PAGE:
Shorter may be better…

Benefits of 15-year mortgage hard to beat

Why those lured by smaller payments on 30-year loan should reconsider

Jack Guttentag, Inman News,  April 30, 2012, link

<a href="http://www.shutterstock.com/pic.mhtml?id=3601160" target=blank>Cash and real estate image</a> via Shutterstock.Cash and real estate image via Shutterstock.

The case for 15-year fixed-rate mortgages has never been stronger because, in the post-crisis market, the rate advantage over the 30-year has never been larger. The rate advantage is about 0.875 percent, whereas prior to the crisis, it was 0.375 percent to 0.5 percent.

Consider two $100,000 loans, one a 15-year at 3.125 percent and the other a 30-year at 4 percent. The respective payments are $696.61 and 477.42. After 15 years, the borrower with the 15-year loan has paid $39,454 more but is out of debt whereas the borrower with the 30-year loan still owes $64,543.

But there is a counterargument. A disciplined borrower can choose the 30-year loan and invest the difference in payment between the 30- and the 15-year loans, in that way offsetting the higher interest rate on the 30-year loan. Some financial planners recommend this approach to their clients as part of a program to build wealth faster.

The challenge in making such a program work is that the rate of return on the invested cash flow must exceed the rate on the 30-year loan by an amount that depends on how much higher the 30-year rate is than the 15-year rate.

For example, in 2006 when I first looked into this issue, I used rates of 6 percent and 5.625 percent on the 30- and 15-year loans. I found that over a 15-year period, the cash flow savings had to yield 7 percent, or 1 percent more than the rate on the 30-year loan, to just offset the higher interest rate on the 30-year loan. This can be termed the break-even return on the cash flows. To come out ahead, the borrower has to earn a return above the break-even return.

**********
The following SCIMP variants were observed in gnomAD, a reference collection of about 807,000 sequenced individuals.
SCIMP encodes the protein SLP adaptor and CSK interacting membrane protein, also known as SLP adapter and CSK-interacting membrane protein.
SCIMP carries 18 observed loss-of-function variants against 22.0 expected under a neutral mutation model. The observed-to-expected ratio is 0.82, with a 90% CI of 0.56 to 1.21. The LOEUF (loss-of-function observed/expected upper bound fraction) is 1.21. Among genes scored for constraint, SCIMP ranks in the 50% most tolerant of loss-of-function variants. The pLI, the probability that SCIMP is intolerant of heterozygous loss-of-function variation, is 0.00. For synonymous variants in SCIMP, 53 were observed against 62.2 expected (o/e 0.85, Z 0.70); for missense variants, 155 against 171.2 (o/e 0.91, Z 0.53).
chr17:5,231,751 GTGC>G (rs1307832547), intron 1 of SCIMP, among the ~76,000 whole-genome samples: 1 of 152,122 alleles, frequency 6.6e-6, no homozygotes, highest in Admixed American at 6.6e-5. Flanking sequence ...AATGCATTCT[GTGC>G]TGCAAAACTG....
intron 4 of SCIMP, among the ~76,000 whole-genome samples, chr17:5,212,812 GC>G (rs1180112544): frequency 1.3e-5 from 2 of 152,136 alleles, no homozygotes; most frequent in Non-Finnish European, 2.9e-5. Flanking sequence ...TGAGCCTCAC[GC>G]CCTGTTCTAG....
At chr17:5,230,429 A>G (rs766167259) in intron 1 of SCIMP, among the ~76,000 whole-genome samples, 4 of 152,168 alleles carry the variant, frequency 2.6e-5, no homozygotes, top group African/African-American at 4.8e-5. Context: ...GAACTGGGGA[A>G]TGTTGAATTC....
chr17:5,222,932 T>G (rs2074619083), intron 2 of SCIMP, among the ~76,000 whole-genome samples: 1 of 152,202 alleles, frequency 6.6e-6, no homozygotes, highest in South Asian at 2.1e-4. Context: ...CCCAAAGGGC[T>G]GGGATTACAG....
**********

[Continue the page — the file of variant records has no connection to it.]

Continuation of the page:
I recently repeated the exercise using rates of 4 percent on the 30-year loan and 3.125 percent on the 15-year. With these rates, the break-even return is 6.15 percent, or 2.15 percent higher than the rate on the 30-year loan. The larger rate spread between the 15- and 30-year loans increases the difficulty of developing a profitable reinvestment strategy.

The challenge looms even larger if the borrower holds the mortgage for less than the 15 years I assumed. The break-even rate is higher over shorter periods because the difference in the rate at which the 15- and the 30-year loans pay down the balance is largest at the outset and declines over time. The shorter the period, the higher the reinvestment rate must be to offset the larger difference in balance reduction.

Average mortgage life today is somewhere between five and 10 years. At 10 years the break-even rate rises to 8.02 percent, and at five years, it jumps to 13.69 percent — a whopping 9.69 percent above the rate on the 30-year loan.

These calculations assume that the borrower makes a down payment of 20 percent or more. If the down payment is less than 20 percent, the borrower must pay for mortgage insurance, and the premiums are higher on the 30-year loan.

For example, if you put down 5 percent and pay standard insurance premiums, the break-even rate rises from 6.15 percent to 7.01 percent over 15 years, from 8.02 percent to 9.56 percent over 10 years, and from 13.69 percent to 16.88 percent over five years. Note: All the break-even rates shown above are derived from calculator 15b on my website.

These required returns are forbiddingly high for any borrower who would invest the cash flow savings by acquiring financial assets. There is no way a borrower can earn such returns without taking very large risks. Most borrowers probably fall into this category.

But there are some borrowers for whom the cash flow reinvestment strategy might make sense. One is the borrower who is eligible for but not currently utilizing IRA, 401(k) or other qualified tax-deductible or tax-deferred plans. Borrowers who use their cash flow savings to invest in these vehicles, who would not do so otherwise, can earn a very high rate of return because of the tax benefits. If the borrower’s employer makes matching contributions, the return is even higher.